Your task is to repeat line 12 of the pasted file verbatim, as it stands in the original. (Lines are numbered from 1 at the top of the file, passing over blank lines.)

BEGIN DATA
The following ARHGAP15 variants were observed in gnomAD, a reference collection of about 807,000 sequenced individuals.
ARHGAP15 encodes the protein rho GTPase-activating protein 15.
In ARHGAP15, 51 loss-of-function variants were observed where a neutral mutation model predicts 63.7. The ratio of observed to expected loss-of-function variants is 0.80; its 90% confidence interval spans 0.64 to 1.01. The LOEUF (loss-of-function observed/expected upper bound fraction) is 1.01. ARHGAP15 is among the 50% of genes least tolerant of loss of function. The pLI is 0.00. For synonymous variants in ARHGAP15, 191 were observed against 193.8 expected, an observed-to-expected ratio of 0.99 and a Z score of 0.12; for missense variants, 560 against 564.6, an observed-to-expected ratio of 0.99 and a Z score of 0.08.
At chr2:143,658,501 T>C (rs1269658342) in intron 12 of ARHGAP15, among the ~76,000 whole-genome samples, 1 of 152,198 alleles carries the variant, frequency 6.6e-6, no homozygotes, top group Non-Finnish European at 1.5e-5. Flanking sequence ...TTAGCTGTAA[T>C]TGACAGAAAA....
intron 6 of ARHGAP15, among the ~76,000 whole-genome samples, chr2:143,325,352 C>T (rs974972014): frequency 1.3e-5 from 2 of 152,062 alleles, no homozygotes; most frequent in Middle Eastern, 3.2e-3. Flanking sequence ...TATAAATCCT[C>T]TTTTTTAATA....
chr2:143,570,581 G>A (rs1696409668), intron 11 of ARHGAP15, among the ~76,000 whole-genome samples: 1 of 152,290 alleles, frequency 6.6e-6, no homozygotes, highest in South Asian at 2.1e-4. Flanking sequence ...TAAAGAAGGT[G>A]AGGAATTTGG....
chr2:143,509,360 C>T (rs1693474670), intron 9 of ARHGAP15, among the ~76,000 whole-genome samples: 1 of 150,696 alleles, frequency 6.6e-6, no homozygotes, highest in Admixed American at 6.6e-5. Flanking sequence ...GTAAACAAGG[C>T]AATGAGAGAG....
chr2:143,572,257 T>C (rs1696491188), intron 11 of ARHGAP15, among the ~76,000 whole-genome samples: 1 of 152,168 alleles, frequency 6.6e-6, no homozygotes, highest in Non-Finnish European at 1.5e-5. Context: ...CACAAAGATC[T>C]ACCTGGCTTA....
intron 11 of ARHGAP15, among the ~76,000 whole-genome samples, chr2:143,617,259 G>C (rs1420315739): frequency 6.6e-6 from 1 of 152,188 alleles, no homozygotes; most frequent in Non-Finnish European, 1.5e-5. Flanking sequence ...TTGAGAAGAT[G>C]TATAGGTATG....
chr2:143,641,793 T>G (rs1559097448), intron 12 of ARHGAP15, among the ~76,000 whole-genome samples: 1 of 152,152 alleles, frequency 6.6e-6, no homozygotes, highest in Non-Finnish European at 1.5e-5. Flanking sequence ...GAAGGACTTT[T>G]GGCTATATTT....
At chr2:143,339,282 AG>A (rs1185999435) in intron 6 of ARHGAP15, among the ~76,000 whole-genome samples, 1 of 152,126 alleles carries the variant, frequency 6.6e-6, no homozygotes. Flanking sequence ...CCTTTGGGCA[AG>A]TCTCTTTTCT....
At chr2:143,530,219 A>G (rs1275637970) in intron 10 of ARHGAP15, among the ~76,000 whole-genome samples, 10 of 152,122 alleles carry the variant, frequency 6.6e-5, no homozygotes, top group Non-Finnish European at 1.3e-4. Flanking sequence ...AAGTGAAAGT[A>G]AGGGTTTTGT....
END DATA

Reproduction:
At chr2:143,530,219 A>G (rs1275637970) in intron 10 of ARHGAP15, among the ~76,000 whole-genome samples, 10 of 152,122 alleles carry the variant, frequency 6.6e-5, no homozygotes, top group Non-Finnish European at 1.3e-4. Flanking sequence ...AAGTGAAAGT[A>G]AGGGTTTTGT....